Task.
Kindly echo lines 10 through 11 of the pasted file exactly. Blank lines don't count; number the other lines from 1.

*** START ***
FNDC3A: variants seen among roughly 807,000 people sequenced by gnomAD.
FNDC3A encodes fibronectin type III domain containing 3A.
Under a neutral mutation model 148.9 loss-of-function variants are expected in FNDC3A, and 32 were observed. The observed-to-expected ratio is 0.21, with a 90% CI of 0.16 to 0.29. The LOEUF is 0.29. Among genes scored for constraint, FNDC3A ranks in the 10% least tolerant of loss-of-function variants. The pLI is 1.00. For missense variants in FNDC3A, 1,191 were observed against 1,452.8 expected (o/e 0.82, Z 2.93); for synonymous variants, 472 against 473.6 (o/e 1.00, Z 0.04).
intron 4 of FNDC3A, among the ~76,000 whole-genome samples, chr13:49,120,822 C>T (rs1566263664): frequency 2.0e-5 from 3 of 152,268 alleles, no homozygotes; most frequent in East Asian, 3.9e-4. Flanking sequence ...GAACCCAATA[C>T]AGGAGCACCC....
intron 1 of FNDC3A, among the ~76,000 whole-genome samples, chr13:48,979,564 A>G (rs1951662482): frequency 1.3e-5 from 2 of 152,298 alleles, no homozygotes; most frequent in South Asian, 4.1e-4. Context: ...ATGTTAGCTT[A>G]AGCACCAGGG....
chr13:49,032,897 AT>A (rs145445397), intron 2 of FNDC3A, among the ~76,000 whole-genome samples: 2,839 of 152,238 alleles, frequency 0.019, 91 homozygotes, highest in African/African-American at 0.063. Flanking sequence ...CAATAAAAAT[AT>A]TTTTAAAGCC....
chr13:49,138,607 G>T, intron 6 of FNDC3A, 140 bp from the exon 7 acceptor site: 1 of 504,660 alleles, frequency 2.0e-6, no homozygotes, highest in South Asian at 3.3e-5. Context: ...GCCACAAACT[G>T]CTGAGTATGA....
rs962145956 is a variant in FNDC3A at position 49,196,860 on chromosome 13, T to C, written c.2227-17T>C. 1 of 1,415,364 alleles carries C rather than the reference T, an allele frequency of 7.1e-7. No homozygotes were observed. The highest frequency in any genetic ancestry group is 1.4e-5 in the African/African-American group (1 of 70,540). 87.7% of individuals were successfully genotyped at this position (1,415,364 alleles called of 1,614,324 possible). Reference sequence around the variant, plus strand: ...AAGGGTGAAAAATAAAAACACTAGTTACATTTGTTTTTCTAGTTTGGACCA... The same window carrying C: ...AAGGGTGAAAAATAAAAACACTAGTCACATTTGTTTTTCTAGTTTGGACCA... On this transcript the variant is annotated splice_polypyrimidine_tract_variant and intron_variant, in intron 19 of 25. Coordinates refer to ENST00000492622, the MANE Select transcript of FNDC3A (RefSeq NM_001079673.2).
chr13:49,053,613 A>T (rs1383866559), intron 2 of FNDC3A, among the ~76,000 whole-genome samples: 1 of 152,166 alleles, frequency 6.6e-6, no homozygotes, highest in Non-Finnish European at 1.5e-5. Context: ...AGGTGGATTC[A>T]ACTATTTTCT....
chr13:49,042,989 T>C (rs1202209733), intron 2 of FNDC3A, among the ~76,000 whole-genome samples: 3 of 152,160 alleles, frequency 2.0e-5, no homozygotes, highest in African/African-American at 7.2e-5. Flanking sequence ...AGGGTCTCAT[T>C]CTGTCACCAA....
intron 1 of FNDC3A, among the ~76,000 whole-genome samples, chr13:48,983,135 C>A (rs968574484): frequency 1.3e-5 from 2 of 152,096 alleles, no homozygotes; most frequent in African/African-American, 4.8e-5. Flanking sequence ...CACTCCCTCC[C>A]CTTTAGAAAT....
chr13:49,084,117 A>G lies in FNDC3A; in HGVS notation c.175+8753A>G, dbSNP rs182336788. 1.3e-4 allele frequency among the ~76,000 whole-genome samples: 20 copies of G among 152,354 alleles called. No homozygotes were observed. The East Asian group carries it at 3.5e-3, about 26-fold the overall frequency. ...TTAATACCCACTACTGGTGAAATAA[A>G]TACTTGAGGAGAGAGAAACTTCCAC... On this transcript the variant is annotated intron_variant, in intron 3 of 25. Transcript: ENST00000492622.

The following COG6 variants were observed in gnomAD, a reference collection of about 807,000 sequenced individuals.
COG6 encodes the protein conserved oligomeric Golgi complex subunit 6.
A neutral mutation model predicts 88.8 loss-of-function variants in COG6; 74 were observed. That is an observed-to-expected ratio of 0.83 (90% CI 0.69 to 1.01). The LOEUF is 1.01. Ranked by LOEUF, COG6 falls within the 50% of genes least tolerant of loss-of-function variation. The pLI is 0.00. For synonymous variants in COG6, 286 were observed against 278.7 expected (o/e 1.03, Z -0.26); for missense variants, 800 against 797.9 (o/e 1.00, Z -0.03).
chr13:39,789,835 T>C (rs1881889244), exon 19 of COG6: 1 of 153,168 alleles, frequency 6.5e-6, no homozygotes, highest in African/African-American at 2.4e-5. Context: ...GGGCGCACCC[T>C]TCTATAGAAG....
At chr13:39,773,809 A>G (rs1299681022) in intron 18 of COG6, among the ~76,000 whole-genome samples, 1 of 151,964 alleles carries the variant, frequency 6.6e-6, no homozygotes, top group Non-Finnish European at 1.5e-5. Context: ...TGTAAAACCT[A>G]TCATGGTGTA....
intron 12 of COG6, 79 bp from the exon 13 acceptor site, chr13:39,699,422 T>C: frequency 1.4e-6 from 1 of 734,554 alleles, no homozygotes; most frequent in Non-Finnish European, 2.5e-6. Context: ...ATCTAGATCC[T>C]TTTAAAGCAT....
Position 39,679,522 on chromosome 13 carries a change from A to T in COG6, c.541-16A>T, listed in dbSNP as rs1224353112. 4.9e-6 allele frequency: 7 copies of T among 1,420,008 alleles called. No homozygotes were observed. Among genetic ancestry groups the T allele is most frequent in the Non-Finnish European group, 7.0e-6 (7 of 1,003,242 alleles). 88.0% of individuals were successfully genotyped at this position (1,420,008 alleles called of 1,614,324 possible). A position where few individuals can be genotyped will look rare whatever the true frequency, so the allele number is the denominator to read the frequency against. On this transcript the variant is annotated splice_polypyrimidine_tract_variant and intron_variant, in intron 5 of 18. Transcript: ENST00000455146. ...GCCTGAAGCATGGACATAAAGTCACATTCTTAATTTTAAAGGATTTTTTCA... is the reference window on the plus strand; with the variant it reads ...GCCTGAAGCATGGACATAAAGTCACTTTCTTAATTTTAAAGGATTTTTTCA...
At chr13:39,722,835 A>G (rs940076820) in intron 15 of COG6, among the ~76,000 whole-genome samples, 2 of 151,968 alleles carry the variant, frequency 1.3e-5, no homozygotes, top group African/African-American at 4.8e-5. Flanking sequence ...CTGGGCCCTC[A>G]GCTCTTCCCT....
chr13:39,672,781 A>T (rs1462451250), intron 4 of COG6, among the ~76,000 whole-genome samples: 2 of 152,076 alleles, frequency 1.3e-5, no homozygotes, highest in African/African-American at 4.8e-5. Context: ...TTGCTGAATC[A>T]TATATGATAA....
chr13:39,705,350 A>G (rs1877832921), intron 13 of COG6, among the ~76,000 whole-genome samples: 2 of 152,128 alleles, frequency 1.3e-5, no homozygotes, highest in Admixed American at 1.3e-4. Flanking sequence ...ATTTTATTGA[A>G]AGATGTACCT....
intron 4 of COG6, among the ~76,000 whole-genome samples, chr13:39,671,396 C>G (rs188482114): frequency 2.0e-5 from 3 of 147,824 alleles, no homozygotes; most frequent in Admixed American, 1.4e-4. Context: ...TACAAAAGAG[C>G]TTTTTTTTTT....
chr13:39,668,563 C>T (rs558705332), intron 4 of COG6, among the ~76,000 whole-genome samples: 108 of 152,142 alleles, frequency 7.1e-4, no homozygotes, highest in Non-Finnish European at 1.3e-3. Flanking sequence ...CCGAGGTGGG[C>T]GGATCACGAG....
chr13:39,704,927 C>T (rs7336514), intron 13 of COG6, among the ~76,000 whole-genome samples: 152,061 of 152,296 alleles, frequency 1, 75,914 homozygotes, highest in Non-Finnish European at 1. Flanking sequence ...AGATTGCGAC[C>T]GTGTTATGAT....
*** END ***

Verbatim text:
chr13:49,042,989 T>C (rs1202209733), intron 2 of FNDC3A, among the ~76,000 whole-genome samples: 3 of 152,160 alleles, frequency 2.0e-5, no homozygotes, highest in African/African-American at 7.2e-5. Flanking sequence ...AGGGTCTCAT[T>C]CTGTCACCAA....
intron 1 of FNDC3A, among the ~76,000 whole-genome samples, chr13:48,983,135 C>A (rs968574484): frequency 1.3e-5 from 2 of 152,096 alleles, no homozygotes; most frequent in African/African-American, 4.8e-5. Flanking sequence ...CACTCCCTCC[C>A]CTTTAGAAAT....